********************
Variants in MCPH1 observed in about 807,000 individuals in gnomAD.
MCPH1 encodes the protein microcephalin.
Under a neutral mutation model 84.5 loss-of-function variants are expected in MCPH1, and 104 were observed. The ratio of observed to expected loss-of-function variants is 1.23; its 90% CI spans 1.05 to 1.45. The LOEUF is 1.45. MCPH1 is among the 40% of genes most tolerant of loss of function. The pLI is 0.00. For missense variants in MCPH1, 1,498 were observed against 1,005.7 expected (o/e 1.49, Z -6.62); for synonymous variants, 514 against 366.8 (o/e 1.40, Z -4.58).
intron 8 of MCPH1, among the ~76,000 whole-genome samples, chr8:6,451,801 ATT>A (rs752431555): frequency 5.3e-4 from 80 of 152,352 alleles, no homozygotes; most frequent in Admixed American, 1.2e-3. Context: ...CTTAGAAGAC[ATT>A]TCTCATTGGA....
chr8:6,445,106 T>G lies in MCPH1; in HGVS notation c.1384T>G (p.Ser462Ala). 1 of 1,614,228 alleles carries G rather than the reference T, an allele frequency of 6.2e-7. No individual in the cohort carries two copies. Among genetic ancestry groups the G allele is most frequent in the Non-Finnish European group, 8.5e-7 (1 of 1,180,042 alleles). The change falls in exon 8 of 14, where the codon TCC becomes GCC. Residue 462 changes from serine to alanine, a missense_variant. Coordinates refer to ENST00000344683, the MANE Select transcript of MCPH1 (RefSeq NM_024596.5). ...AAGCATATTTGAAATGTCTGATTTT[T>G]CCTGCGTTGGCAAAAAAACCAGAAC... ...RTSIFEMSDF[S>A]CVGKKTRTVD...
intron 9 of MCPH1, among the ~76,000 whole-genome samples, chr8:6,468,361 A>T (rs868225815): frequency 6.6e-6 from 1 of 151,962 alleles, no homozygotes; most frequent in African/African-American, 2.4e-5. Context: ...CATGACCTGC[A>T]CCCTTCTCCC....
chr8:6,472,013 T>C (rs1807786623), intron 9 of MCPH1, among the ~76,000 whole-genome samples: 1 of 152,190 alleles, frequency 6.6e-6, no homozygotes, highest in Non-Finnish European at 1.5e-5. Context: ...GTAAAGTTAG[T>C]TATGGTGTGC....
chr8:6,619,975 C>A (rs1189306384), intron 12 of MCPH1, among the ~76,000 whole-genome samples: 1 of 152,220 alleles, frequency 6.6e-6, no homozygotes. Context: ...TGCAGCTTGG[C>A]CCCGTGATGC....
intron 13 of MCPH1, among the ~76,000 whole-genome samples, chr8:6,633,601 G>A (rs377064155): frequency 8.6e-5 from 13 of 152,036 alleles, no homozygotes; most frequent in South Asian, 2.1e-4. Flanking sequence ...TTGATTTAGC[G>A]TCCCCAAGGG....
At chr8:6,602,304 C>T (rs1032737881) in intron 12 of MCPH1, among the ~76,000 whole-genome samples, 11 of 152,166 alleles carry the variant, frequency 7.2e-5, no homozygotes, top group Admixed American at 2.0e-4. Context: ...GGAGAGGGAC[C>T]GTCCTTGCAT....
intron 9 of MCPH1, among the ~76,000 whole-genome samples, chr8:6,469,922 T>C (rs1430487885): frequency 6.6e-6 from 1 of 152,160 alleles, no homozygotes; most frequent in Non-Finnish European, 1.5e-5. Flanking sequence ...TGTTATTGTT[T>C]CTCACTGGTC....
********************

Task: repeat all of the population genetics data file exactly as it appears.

Variants in MCPH1 observed in about 807,000 individuals in gnomAD.
MCPH1 encodes the protein microcephalin.
Under a neutral mutation model 84.5 loss-of-function variants are expected in MCPH1, and 104 were observed. The ratio of observed to expected loss-of-function variants is 1.23; its 90% CI spans 1.05 to 1.45. The LOEUF is 1.45. MCPH1 is among the 40% of genes most tolerant of loss of function. The pLI is 0.00. For missense variants in MCPH1, 1,498 were observed against 1,005.7 expected (o/e 1.49, Z -6.62); for synonymous variants, 514 against 366.8 (o/e 1.40, Z -4.58).
intron 8 of MCPH1, among the ~76,000 whole-genome samples, chr8:6,451,801 ATT>A (rs752431555): frequency 5.3e-4 from 80 of 152,352 alleles, no homozygotes; most frequent in Admixed American, 1.2e-3. Context: ...CTTAGAAGAC[ATT>A]TCTCATTGGA....
chr8:6,445,106 T>G lies in MCPH1; in HGVS notation c.1384T>G (p.Ser462Ala). 1 of 1,614,228 alleles carries G rather than the reference T, an allele frequency of 6.2e-7. No individual in the cohort carries two copies. Among genetic ancestry groups the G allele is most frequent in the Non-Finnish European group, 8.5e-7 (1 of 1,180,042 alleles). The change falls in exon 8 of 14, where the codon TCC becomes GCC. Residue 462 changes from serine to alanine, a missense_variant. Coordinates refer to ENST00000344683, the MANE Select transcript of MCPH1 (RefSeq NM_024596.5). ...AAGCATATTTGAAATGTCTGATTTT[T>G]CCTGCGTTGGCAAAAAAACCAGAAC... ...RTSIFEMSDF[S>A]CVGKKTRTVD...
intron 9 of MCPH1, among the ~76,000 whole-genome samples, chr8:6,468,361 A>T (rs868225815): frequency 6.6e-6 from 1 of 151,962 alleles, no homozygotes; most frequent in African/African-American, 2.4e-5. Context: ...CATGACCTGC[A>T]CCCTTCTCCC....
chr8:6,472,013 T>C (rs1807786623), intron 9 of MCPH1, among the ~76,000 whole-genome samples: 1 of 152,190 alleles, frequency 6.6e-6, no homozygotes, highest in Non-Finnish European at 1.5e-5. Context: ...GTAAAGTTAG[T>C]TATGGTGTGC....
chr8:6,619,975 C>A (rs1189306384), intron 12 of MCPH1, among the ~76,000 whole-genome samples: 1 of 152,220 alleles, frequency 6.6e-6, no homozygotes. Context: ...TGCAGCTTGG[C>A]CCCGTGATGC....
intron 13 of MCPH1, among the ~76,000 whole-genome samples, chr8:6,633,601 G>A (rs377064155): frequency 8.6e-5 from 13 of 152,036 alleles, no homozygotes; most frequent in South Asian, 2.1e-4. Flanking sequence ...TTGATTTAGC[G>A]TCCCCAAGGG....
At chr8:6,602,304 C>T (rs1032737881) in intron 12 of MCPH1, among the ~76,000 whole-genome samples, 11 of 152,166 alleles carry the variant, frequency 7.2e-5, no homozygotes, top group Admixed American at 2.0e-4. Context: ...GGAGAGGGAC[C>T]GTCCTTGCAT....
intron 9 of MCPH1, among the ~76,000 whole-genome samples, chr8:6,469,922 T>C (rs1430487885): frequency 6.6e-6 from 1 of 152,160 alleles, no homozygotes; most frequent in Non-Finnish European, 1.5e-5. Flanking sequence ...TGTTATTGTT[T>C]CTCACTGGTC....